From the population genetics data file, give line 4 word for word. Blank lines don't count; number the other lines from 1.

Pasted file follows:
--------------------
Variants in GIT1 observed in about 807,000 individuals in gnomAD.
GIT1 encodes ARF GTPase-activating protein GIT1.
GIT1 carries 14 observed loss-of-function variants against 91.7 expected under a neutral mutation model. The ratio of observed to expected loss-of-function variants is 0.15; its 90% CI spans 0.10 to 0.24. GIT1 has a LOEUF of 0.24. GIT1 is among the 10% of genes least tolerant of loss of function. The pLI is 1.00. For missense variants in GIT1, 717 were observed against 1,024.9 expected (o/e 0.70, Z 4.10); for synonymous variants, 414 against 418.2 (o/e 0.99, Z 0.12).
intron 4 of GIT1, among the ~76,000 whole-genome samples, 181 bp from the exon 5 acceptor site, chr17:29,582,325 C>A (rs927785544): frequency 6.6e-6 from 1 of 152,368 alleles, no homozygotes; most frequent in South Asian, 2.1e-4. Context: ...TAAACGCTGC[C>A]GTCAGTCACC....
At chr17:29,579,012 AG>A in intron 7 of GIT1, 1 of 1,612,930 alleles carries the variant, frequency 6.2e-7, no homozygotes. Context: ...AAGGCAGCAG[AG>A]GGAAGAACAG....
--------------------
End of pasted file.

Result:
intron 4 of GIT1, among the ~76,000 whole-genome samples, 181 bp from the exon 5 acceptor site, chr17:29,582,325 C>A (rs927785544): frequency 6.6e-6 from 1 of 152,368 alleles, no homozygotes; most frequent in South Asian, 2.1e-4. Context: ...TAAACGCTGC[C>A]GTCAGTCACC....